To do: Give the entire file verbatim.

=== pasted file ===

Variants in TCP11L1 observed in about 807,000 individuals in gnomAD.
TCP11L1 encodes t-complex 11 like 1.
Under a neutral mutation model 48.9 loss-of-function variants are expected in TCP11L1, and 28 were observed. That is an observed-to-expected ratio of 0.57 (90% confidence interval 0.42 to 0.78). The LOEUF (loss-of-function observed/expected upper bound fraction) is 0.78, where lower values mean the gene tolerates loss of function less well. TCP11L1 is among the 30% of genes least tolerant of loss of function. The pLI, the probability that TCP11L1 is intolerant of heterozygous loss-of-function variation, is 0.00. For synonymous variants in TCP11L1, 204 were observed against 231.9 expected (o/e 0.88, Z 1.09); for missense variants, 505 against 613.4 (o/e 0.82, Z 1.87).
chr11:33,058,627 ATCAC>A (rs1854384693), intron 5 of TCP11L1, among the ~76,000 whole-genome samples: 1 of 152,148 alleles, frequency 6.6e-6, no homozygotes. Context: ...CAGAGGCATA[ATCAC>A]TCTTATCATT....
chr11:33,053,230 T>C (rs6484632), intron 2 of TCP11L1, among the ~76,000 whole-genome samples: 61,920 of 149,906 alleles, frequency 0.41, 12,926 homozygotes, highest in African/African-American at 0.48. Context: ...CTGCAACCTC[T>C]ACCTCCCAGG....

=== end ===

Variants in TCP11L1 observed in about 807,000 individuals in gnomAD.
TCP11L1 encodes t-complex 11 like 1.
Under a neutral mutation model 48.9 loss-of-function variants are expected in TCP11L1, and 28 were observed. That is an observed-to-expected ratio of 0.57 (90% confidence interval 0.42 to 0.78). The LOEUF (loss-of-function observed/expected upper bound fraction) is 0.78, where lower values mean the gene tolerates loss of function less well. TCP11L1 is among the 30% of genes least tolerant of loss of function. The pLI, the probability that TCP11L1 is intolerant of heterozygous loss-of-function variation, is 0.00. For synonymous variants in TCP11L1, 204 were observed against 231.9 expected (o/e 0.88, Z 1.09); for missense variants, 505 against 613.4 (o/e 0.82, Z 1.87).
chr11:33,058,627 ATCAC>A (rs1854384693), intron 5 of TCP11L1, among the ~76,000 whole-genome samples: 1 of 152,148 alleles, frequency 6.6e-6, no homozygotes. Context: ...CAGAGGCATA[ATCAC>A]TCTTATCATT....
chr11:33,053,230 T>C (rs6484632), intron 2 of TCP11L1, among the ~76,000 whole-genome samples: 61,920 of 149,906 alleles, frequency 0.41, 12,926 homozygotes, highest in African/African-American at 0.48. Context: ...CTGCAACCTC[T>C]ACCTCCCAGG....